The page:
Gold prices on Thursday slid from the four-month high of $1,912.76 per ounce attributed to a confluence of factors on the global stage, key among them recent policy indications by the U.S and New Zealand Central Banks.
In the U.S, the Federal Reserve has indicated plans to reduce its massive bond purchases if the economy continues on recovery path post-pandemic slump. Meanwhile, New Zealand, like Canada, on Wednesday hinted that it may start to raise interest rates in the second half of 2022 as Central Banks start to shift stance from their COVID-induced emergency monetary settings.
Gold retreated by 1% to $1,892.08 as of Thursday 11:20 am, data provided by Metals Daily show.
In response to the U.S Federal Reserve’s plans to tighten screws on monetary policy, the Dollar firmed on Thursday, further exerting downward pressure on bullion.
In my view, gold prices will trade largely in the region of $1,800 to $2,000 per ounce in the second half of the year as inflationary pressures mount in the U.S, though the Federal Reserve has termed it “transitory”.
In addition, the pressure mounting on bitcoin suggests that investors could be channeling funds into other assets like gold. Bitcoin came under pressure from more than just Musk’s comments on its energy usage. The Chinese government has also cracked down on the crypto ecosystem, banning financial institutions from providing services related to digital assets.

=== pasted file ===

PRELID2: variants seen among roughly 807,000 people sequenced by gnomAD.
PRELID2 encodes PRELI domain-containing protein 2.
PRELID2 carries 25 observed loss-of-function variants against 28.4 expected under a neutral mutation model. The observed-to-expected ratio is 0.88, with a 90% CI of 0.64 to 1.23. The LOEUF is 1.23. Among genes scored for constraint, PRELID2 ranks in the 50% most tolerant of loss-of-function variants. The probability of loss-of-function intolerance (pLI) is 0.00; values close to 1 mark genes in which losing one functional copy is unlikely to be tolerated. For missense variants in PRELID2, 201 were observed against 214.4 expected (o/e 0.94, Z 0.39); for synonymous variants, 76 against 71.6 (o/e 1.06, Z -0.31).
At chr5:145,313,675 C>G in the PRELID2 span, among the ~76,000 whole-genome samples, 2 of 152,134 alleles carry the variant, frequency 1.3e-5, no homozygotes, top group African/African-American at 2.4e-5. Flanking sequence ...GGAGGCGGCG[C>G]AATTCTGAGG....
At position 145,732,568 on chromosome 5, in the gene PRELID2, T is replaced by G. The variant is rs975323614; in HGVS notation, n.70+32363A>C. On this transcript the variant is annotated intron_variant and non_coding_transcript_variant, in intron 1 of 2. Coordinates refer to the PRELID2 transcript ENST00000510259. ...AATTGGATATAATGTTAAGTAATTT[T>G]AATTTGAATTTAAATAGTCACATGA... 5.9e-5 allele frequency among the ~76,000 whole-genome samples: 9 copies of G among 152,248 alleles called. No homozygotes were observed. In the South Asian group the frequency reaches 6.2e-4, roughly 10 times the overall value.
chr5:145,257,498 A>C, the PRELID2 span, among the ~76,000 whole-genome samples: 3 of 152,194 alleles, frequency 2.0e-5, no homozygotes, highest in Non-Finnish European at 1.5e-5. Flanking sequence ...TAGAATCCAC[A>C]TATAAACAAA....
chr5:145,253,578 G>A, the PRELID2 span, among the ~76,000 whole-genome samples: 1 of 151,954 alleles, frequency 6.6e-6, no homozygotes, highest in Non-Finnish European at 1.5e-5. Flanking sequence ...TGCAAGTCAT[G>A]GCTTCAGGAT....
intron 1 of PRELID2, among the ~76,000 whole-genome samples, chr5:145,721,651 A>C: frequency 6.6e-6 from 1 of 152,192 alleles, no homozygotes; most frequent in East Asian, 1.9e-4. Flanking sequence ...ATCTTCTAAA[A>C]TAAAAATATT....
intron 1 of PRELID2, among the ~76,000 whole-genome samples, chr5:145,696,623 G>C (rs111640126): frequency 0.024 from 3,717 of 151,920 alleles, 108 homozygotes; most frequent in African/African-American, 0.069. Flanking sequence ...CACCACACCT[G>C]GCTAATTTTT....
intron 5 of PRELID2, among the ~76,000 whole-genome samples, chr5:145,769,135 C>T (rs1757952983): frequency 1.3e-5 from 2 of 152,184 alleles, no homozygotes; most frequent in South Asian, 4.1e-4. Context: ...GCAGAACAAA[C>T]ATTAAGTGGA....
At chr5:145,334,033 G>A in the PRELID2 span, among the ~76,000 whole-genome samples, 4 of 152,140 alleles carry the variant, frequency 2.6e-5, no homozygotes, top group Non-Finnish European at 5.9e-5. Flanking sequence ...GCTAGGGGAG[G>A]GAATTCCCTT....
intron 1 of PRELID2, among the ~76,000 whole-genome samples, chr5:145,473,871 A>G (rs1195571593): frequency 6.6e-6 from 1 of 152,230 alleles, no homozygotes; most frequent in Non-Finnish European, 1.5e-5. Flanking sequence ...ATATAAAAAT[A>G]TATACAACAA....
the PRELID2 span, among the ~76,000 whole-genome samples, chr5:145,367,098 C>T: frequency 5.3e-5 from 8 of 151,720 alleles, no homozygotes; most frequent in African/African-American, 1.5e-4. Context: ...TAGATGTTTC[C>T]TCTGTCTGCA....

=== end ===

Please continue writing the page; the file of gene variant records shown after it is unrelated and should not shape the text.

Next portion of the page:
As of Thursday morning, Bitcoin was down more than 40% from its all-time high of $64,000 set in mid-April to a region between $30,000-$40,000.
At the beginning of this year, analysts at the London Bullion Market Association’s (LBMA) annual precious metals forecast competition predicted that gold will average $2,000 or more across 2021.
According to GlobalData, overall gold production is expected to increase by 5.5% this year to 113.9 million ounces and to 124.1 million ounces by 2024 – a 2.9% compound annual growth rate (CAGR).
In Zimbabwe, gold deliveries to Fidelity for the month of April 2021 fell by 5% to 1.58 tonnes from 1.46 tonnes in March.
Cumulative gold deliveries for the first four months of the year fell 25% to reach 5.36 tonnes from 7.18 tonnes during the January to April period in 2020.
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